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Europe Has Pneumonia; China Catches A Cold

Stock and commodity markets were not happy at the start of this week when it became clear that Europe’s long-anticipated recession is helping to slow the Chinese economy, global commerce’s power plant in recent years.

The European Union and China are each other’s largest trading partners, if you consider the 27-member EU to be a single entity. (Among individual nations, the United States, Japan and South Korea occupy China’s top spots, with Chinese-ruled Hong Kong sitting between Japan and South Korea.) It is not surprising that a downturn in Europe would have significant effects back in China. In fact, what may be most encouraging about the situation is how mild those effects could be, at least if things ago according to the Communist-led government’s latest plan.

After several years in which all of the world’s major economies and markets seemed to move in violent lockstep, a healthy degree of diversity is creeping into the system. The natural checks and balances of a diversified world economy are trying to reassert themselves.

China is targeting growth of 7.5 percent this year, and plans for growth to average 7 percent annually over the next five years. The previous five-year plan called for annual growth of 8 percent. The country routinely beat the benchmark, notching a 14 percent gain as recently as 2007.

These would be eye-popping numbers in North America or Europe, but until recently, Chinese leaders believed they needed growth of at least 8 percent annually in order to absorb the approximately 10 million workers who joined the labor force each year. Now, China’s labor growth has slowed thanks to decades of strict family planning and a rural-to-urban migration that has largely run its course. China is realizing both that it can learn to live with slower growth and that it probably has to, because top export markets in Europe and America are not likely to keep Chinese factories expanding at the accustomed rates.

Europe’s economy contracted 0.3 percent in the last quarter of 2011, and the downturn seems likely to continue through at least the first quarter of 2012. This would put Europe in its second recession of the past three years. Fiscal tightening across the continent, combined with ongoing sovereign debt worries, continue to sap consumer demand and business confidence.

Yet the same bleak news that pounded the markets this week points toward stabilization ahead. Slower export demand from Europe and America is prompting the Chinese to stimulate domestic consumption. The Chinese also are allowing their currency to appreciate somewhat faster than in the past. Both of these steps will help keep China’s trade in better balance. Increased demand within China would ultimately result in a greater appetite for Chinese purchases of machinery, food products and consumer goods from the slower-growing Western economies.

Another benefit of slower demand is a reduction in upward pressure on a broad spectrum of commodity prices, ranging from oil to copper. Lower prices for physical inputs allow companies to spend more money on capital projects or on an expanded labor force.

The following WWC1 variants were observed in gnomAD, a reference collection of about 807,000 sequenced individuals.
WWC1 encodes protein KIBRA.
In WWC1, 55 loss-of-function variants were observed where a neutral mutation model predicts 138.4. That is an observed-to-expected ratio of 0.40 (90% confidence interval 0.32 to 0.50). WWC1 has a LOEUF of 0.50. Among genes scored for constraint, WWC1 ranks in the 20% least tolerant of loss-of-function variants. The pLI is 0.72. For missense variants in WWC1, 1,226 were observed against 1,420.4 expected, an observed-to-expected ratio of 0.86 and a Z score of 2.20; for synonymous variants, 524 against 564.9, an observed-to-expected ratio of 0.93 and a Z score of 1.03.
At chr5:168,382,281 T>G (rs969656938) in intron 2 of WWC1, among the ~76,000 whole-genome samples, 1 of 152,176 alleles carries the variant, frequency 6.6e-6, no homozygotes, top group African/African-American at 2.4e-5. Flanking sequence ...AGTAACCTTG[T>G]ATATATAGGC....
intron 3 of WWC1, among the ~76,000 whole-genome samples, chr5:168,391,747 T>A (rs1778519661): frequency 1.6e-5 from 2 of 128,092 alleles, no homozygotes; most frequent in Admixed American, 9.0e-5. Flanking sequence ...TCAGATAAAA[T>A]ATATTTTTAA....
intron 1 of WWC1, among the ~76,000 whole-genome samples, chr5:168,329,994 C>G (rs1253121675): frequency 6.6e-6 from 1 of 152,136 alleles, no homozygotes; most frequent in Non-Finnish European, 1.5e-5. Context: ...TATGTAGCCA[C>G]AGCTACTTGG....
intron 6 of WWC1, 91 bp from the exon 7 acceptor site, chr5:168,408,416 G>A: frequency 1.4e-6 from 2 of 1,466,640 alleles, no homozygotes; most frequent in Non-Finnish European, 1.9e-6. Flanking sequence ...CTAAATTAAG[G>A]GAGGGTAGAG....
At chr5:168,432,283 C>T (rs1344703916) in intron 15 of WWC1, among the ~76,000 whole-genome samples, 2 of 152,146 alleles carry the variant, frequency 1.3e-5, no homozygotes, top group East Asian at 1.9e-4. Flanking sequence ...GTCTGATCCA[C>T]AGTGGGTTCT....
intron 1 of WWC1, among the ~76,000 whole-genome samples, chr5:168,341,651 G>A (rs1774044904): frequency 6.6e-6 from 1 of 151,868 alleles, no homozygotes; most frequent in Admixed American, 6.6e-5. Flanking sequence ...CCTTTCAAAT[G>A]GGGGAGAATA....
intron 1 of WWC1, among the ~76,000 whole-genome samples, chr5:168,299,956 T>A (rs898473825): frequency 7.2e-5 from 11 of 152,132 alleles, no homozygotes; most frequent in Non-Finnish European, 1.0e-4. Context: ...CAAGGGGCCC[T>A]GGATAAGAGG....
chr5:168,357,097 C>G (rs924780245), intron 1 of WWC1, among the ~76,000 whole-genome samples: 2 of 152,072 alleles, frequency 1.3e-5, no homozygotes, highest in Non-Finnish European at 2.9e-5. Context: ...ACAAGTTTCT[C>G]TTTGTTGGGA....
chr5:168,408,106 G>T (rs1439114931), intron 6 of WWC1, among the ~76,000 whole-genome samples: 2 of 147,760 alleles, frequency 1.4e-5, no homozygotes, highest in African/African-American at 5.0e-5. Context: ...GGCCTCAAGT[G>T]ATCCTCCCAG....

Finally, the improving prospects of the world’s largest economy, namely ours, provide an additional driver to improve conditions elsewhere. American demand powered the world economy long before China took center stage. Though U.S. growth, at less than 3 percent, is not robust, it is helping to offset the slowdowns in Europe and China. The world should see similar contributions from midrange economies like South Korea and Russia (the latter benefiting from high oil prices) and from some emerging countries. Brazil is struggling with rising prices and wages and slowing Chinese demand for its commodities, but an improving U.S. economy is good news for Brazil as well.

There are plenty of short- and long-term risks to the global economy. A financial blowup in Greece or elsewhere in Europe, another nasty confrontation over American government finances, or a geopolitical crisis in the Middle East or the Pacific could derail business confidence in the U.S., causing us to backslide into the rest of the struggling pack. Longer term, the world is full of dangerous economic imbalances, which range from unfunded pensions and entitlements to aging populations and shrinking labor pools. We will deal with some of these issues for many years, or decades, together with other issues that are not yet even on our radar.

But it’s nice to see the current relaxation of the financial contagions that have beset us for the past five years. Europe may have pneumonia, but China has only caught a cold, and we are feeling pretty fit. Things could be better, but we have seen worse.

Larry M. Elkin is the founder and president of Palisades Hudson, and is based out of Palisades Hudson’s Fort Lauderdale, Florida headquarters. He wrote several of the chapters in the firm’s recently updated book, Looking Ahead: Life, Family, Wealth and Business After 55. His contributions include Chapter 1, “Looking Ahead When Youth Is Behind Us,” and Chapter 4, “The Family Business.” Larry was also among the authors of the firm’s book The High Achiever’s Guide To Wealth.

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